4) You feel like you’re walking on eggshells and are paranoid about what you say and do
When we become too concerned with someone else, our entire focus shifts too much onto them.
So rather than simply be ourselves, we feel the need to rigidly police ourselves. We find it hard to relax and just be us.
We are too busy caught up in thoughts about how what we say may be interpreted. We worry that we’ll do the “wrong” thing that may “set them off”.
All of the burden lies on you to be hyper-alert to their feelings, needs, and whims — constantly moderating yourself in the process.
5) You’re talked into doing one too many favors
Favors should be given freely, not squeezed out of someone.
We’ve all met those sorts of rude people who don’t seem to take no for an answer.
When faced with an answer they don’t like, they keep on pushing — even in seemingly gently persuasive ways.
But trying to talk someone into something is always an overstep of their boundaries.
Throwing bribery, sweet talking, guilt-tripping, or sob stories at a situation in order to get someone to change their mind is 100% manipulation.
6) You second-guess your own feelings
Manipulation can be so clever that not only you don’t see it, but you question your own sanity.
You may end up wondering if you’re the one who is being unreasonable or reading too much into things. You might feel like you are being too selfish or fear you’re being overly sensitive.
In the more extreme cases, this may be the very intention of the manipulator.
Gaslighting is where you are purposefully encouraged to question your recollection of events and your whole perception of reality.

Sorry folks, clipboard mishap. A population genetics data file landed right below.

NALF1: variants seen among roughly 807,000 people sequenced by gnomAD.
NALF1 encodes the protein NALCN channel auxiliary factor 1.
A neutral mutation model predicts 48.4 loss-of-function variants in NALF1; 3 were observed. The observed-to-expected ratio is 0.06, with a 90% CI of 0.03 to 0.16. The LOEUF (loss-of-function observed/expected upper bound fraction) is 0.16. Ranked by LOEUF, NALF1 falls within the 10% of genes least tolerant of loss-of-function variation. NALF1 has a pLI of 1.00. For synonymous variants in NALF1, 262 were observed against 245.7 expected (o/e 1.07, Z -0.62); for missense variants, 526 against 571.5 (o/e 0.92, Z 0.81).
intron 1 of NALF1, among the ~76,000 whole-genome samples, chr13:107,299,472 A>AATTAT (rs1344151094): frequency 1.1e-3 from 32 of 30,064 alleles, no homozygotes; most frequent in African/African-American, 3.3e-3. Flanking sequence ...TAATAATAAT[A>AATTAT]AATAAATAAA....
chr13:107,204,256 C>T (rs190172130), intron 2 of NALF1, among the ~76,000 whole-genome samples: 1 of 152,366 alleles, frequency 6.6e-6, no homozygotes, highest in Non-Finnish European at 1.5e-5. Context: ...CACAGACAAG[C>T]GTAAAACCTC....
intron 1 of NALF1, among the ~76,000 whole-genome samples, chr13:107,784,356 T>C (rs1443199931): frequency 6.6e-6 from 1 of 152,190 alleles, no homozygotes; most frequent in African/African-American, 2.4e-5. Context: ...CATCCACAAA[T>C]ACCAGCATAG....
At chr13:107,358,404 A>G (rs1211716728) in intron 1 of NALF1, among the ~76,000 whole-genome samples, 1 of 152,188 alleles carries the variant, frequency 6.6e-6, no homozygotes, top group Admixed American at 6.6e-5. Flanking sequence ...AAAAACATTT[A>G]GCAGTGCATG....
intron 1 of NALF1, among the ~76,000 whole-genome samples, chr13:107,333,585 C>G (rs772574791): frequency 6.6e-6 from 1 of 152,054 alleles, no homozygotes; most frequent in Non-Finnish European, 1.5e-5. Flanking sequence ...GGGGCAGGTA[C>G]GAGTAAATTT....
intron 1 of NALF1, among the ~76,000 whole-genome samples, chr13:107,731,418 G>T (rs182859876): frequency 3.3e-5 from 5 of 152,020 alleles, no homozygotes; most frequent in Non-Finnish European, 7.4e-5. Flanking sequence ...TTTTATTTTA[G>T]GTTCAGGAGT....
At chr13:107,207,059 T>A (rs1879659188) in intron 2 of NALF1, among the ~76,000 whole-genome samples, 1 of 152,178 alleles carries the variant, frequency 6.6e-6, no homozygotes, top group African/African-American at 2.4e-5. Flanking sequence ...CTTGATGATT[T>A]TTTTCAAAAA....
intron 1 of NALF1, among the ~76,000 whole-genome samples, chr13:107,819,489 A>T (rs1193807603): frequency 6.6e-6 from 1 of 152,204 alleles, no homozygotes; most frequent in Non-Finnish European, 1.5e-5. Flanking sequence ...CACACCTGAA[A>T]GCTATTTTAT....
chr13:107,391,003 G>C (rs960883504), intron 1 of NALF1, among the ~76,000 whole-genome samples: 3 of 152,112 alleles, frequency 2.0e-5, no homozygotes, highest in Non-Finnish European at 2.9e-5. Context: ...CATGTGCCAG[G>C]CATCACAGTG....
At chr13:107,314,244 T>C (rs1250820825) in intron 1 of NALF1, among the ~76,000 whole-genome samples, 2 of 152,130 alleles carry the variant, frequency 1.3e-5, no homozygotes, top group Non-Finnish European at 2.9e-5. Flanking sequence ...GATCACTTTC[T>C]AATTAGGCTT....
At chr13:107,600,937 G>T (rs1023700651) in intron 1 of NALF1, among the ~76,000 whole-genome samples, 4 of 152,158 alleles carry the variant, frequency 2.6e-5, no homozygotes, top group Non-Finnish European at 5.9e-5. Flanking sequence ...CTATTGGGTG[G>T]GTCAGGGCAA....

If you’re thinking that sounds incredibly abusive, then you’re right.
Assistant professor of sociology at the University of Michigan Paige Sweet, who studies gaslighting in relationships and in the workplace explains to Forbes, it’s all about creating that self-doubt in you:
“I think of gaslighting as trying to associate someone with the label ‘crazy’. It’s making someone seem or feel unstable, irrational and not credible, making them feel like what they’re seeing or experiencing isn’t real, that they’re making it up, that no one else will believe them.”
7) You get ganged up on
If they are struggling to persuade you themselves, they may enlist someone else to help them.
That may be as simple as letting you know that a mutual friend agrees with them, and so you must be in the wrong.
Or it could be more extreme. They may get friends or family to advocate for them.
For example, let’s say you decide you want to leave a relationship (whether it’s romantic or platonic). They try to get others to side with them and convince you to reconsider.